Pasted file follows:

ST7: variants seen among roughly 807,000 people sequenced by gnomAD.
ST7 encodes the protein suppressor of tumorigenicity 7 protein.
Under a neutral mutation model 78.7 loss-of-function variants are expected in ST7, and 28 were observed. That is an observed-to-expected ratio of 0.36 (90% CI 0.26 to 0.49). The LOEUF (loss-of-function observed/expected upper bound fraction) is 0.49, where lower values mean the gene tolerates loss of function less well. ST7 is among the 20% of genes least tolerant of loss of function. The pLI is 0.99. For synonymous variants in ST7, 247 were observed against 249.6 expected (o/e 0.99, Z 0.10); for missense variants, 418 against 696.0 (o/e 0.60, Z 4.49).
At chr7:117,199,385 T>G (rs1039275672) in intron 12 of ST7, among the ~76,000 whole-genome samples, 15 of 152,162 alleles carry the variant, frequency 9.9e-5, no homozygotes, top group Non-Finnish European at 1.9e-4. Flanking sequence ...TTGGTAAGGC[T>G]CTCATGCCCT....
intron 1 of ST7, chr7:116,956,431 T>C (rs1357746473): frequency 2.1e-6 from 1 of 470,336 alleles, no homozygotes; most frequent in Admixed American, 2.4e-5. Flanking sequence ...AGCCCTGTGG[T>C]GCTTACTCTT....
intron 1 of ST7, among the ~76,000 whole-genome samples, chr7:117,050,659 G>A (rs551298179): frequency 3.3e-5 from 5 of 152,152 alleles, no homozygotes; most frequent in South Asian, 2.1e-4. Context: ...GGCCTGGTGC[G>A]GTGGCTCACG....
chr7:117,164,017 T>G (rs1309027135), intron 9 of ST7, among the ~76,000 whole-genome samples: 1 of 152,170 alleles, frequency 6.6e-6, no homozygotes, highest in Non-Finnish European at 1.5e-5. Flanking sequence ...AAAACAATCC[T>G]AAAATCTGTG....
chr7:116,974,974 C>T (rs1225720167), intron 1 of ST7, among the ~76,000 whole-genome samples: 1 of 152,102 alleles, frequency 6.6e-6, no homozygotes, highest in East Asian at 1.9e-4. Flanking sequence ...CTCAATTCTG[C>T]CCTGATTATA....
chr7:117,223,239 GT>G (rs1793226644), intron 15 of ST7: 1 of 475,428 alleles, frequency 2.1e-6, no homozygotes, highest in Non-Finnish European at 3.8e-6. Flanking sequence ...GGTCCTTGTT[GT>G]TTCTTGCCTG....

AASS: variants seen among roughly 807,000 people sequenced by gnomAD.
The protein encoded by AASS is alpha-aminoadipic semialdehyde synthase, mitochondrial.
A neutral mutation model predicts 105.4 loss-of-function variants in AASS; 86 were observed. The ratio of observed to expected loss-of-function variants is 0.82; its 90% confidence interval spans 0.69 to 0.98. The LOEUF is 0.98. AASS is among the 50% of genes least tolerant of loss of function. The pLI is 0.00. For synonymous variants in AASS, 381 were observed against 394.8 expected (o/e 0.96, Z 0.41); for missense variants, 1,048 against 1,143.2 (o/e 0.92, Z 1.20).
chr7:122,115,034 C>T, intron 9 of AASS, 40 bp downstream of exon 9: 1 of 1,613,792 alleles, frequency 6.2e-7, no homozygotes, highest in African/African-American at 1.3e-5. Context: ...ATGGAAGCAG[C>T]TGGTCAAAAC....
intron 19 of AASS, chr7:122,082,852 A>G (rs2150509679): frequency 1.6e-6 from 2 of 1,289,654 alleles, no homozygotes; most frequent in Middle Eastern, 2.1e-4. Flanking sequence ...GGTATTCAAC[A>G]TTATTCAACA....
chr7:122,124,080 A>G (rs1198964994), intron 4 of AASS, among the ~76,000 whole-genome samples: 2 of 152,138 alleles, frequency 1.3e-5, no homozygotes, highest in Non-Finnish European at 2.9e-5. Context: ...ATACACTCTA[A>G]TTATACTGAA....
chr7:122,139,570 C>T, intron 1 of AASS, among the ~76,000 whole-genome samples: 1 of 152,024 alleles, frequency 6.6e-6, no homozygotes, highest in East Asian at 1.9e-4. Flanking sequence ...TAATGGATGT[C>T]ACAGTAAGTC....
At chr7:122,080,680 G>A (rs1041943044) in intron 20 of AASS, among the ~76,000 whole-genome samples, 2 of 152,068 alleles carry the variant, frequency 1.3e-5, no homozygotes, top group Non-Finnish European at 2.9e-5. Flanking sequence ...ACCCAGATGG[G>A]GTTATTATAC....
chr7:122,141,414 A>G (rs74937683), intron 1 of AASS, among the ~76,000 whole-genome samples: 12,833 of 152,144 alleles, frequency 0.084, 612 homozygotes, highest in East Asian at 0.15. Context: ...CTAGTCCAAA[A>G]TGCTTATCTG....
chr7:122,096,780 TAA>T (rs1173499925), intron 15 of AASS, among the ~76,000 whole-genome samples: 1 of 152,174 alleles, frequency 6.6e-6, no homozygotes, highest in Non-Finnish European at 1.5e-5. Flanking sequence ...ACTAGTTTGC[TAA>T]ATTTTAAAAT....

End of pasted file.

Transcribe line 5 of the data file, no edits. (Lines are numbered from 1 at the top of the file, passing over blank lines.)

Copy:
intron 1 of ST7, chr7:116,956,431 T>C (rs1357746473): frequency 2.1e-6 from 1 of 470,336 alleles, no homozygotes; most frequent in Admixed American, 2.4e-5. Flanking sequence ...AGCCCTGTGG[T>C]GCTTACTCTT....